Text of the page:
Unfortunately, as with many new technologies, EHR has its limitations.  There are a myriad of EHR systems being marketed to health care providers around the country.  Not surprisingly, some EHR systems are earlier to utilize than others.  Additionally, some systems are more prone to misuse than others.  The health care industry is not immune to fraudulent practices. While the full extent of health care fraud is unknown, the scope of the problem has been estimated to range between $75 and $250 billion per year.[6]  Many experts in the health information technology field warn that EHR technology may make it easier to commit fraud.[7] In fact, both the Department of Justice (DOJ) and HHS-OIG have expressed concern that some health care providers may attempt to use EMR systems to game the system and fraudulently obtain payments from Medicare, Medicaid and other payors. [8] A review of investigations, audits and prosecutions that have been brought have show that there are certain EHR documentation features – if used inappropriately – that can result if fraud. One of the most prevalent methods includes the improper coping and pasting of prior Progress Note entries onto a record documenting a more recent examination.  Many EHR systems make it extraordinarily easy to engage in cloning.

V.  Reasons Why Medicare Cloning Practices Can be Problematic:

As previously indicated, the practice of cloning can allow a health care provider to select information from one location in a patient’s EHR and copy it in another section of the patient’s record. For example, a health care provider can use cloning as a useful tool to replicate elements of a patient’s demographics on each page of the EMR. It was originally seen as a easy way to copy forward documentation that appeared to be the same in a patient’s medical record, items that may have not changed from a prior visit.

However, EHR cloning practices have led to a number of problems. When physicians, nurses, or other practitioners clone information but fail to update it or ensure accuracy, erroneous information may enter the patient’s medical record. As a result, inappropriate charges may be billed to patients or third-party health care payers. Furthermore, improper cloning can facilitate attempts to upcode claims and duplicate or create fraudulent claims.

Why has this improper practice grown?  Frankly, there are a number of reasons why cloning now represents a significant problem.  At the outset, it is important to keep in mind that health care providers are now under the proverbial “microscope.”  Past documentation practices that may have been acceptable are no longer accepted by the government.  Abbreviated, incomplete records documenting an examination are unacceptable and will likely fail to qualify for coverage and payment when audited by a ZPIC or RAC.  Health care providers are under increasing pressure to document patient visits and treatment records fully, in accordance with any Local Coverage Determination (LCD) requirements and National Coverage Determination (NCD) guidelines.

National Government Services, a Medicare Administrative Contractor (MAC), considers cloned documentation to be a misrepresentation of the medical necessity requirement for coverage because of the lack of specific individual information for each unique patient.”[9] If a program integrity contractor (such as a ZPIC, RAC or Specialty contractor) identifies cloned documents, it will likely deny payment for any associated claims on the basis that medical necessity had not shown.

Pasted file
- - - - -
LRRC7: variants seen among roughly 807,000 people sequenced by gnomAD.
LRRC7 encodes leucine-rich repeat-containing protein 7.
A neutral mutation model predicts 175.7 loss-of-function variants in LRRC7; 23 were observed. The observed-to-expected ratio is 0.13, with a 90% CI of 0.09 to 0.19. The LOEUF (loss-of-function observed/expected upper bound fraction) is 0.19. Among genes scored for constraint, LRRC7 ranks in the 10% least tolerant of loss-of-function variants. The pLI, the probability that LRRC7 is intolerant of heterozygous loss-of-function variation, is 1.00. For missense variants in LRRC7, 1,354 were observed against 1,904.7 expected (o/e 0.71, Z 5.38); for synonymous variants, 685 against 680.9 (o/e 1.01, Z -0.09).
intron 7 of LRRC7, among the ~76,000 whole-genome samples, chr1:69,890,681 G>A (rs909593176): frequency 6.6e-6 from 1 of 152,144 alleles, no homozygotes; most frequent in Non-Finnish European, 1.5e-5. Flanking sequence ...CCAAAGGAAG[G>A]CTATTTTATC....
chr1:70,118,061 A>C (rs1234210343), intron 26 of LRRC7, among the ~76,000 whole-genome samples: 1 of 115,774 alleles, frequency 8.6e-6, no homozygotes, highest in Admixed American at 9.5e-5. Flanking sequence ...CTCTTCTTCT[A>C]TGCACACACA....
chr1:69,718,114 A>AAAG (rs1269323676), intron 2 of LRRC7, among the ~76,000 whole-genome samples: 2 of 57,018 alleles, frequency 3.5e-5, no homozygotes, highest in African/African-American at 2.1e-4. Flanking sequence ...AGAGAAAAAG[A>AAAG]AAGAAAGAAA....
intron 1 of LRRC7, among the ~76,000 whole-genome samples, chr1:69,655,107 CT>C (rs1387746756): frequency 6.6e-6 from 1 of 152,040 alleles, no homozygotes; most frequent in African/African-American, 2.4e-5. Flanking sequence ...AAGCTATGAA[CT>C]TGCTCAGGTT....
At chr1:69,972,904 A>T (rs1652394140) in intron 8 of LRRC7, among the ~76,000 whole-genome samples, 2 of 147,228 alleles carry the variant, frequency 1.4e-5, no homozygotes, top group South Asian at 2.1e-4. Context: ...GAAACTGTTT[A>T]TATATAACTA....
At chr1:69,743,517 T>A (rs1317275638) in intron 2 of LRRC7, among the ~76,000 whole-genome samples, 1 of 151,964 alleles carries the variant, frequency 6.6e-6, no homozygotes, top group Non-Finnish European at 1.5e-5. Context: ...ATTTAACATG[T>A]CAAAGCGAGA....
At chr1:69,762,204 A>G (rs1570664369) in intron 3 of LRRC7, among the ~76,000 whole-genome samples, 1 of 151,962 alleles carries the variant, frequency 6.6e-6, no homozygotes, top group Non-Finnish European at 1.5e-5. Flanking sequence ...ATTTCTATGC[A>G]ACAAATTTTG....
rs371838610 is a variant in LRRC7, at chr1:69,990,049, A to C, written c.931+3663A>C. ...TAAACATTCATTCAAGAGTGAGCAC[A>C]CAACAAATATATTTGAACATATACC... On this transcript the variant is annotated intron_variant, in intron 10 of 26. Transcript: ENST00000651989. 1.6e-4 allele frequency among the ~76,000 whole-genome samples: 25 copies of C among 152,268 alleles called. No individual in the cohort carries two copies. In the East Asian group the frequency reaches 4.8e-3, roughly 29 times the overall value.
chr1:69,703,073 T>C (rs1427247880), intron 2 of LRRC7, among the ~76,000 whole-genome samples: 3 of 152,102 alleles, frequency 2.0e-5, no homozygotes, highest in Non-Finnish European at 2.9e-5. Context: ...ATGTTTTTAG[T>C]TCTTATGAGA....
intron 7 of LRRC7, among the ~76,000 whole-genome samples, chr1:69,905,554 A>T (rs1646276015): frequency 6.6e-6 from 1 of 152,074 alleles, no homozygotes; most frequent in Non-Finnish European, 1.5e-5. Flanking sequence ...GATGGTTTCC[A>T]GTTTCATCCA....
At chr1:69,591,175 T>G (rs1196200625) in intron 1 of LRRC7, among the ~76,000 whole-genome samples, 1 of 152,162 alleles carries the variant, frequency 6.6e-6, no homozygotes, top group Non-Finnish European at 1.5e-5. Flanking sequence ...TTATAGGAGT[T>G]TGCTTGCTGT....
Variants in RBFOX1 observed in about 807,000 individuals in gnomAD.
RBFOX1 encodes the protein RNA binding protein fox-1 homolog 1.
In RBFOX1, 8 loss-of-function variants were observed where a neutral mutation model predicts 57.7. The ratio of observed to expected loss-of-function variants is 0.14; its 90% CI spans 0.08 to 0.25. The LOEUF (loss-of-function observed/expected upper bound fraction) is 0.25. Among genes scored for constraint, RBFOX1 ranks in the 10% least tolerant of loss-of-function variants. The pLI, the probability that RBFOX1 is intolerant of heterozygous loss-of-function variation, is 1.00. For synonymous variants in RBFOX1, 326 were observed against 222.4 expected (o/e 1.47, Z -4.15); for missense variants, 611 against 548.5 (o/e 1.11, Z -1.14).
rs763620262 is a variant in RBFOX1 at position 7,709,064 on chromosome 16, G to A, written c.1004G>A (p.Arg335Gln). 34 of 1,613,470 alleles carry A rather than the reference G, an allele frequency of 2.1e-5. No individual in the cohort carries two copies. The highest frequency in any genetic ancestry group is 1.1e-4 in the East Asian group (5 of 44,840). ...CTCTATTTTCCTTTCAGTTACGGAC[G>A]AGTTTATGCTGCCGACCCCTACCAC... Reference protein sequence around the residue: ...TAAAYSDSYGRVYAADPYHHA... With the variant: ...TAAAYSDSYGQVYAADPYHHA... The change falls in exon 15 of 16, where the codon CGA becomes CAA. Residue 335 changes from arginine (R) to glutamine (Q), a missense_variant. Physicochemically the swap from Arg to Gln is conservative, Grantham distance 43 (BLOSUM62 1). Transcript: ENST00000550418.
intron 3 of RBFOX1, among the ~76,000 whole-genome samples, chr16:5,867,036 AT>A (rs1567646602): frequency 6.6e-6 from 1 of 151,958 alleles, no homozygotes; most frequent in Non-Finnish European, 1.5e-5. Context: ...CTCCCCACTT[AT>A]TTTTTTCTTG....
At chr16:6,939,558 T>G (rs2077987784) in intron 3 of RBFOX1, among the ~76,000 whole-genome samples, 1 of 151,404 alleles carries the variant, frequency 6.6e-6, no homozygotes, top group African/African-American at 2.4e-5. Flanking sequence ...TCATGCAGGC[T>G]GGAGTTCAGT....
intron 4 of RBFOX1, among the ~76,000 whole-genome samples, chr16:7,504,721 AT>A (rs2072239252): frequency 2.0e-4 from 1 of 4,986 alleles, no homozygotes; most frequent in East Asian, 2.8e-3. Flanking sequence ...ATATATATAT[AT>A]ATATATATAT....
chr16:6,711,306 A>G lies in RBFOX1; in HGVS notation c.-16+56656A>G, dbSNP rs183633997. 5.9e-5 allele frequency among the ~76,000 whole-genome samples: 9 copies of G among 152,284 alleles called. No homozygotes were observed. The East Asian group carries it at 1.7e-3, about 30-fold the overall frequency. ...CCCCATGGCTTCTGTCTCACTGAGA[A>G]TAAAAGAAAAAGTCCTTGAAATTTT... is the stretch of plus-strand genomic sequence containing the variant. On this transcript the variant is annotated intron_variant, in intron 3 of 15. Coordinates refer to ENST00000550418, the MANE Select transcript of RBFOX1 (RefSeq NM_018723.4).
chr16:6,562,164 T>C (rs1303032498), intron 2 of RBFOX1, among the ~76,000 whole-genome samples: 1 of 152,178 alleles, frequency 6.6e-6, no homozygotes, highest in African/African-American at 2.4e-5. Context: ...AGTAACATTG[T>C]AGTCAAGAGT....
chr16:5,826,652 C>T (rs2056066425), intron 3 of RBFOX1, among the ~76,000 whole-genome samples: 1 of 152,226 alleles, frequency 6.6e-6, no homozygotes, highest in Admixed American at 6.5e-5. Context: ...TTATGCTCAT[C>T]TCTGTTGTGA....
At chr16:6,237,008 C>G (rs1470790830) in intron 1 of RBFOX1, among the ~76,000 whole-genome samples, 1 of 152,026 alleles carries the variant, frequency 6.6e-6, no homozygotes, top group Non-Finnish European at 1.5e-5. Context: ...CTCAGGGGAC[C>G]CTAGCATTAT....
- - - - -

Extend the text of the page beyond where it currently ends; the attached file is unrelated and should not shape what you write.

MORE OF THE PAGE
VI.  The Practice of Cloning is Not Always Inappropriate:

To be clear, it is not illegal per se, to copy a passage from a previous visit and copy it into the record of another visit.  Nevertheless, you shouldn’t think that the practice of cloning is supported by the government.  Under certain circumstances, it might be appropriate to copy certain information from one location in EHR and paste it to another place in the patient’s records.  For instance, copying a portion of a prior records entry may be appropriate when reciting the elements of a patient’s prior medical history or the results of a prior diagnostic test administered.  If you intend to copy information from a prior entry into the Progress Note documenting a more recent visit:

Take care — accuracy counts.  A health care providers must review the type of service that was provided, update it if necessary and bill accordingly. For example, a past history copied from a previous entry or date of service needs to be reviewed and revised (as appropriate), not simply copied and pasted into the new note.  You cannot bill for a service that was provided at the time of previous visit.  Look at the passage you intend to copy.  Have you performed all the services discussed?  Is the note being used to describe a prior visit OR are you merely trying to speed up your documentation of today’s visit?

Review any cloned information to make sure the notes make sense for that date of service. A patient’s chief complaint should carry through to the physical and/or mental exam and history and support the decisions made and medical necessity. As to a patient’s range of systems (ROS), only document the systems that are actually completed during a specific visit. ROS findings from a previous visit must not be blindly copied.  Furthermore, examine your documentation.  Have you fully recorded an examination of systems that are consistent with today’s chief complaint?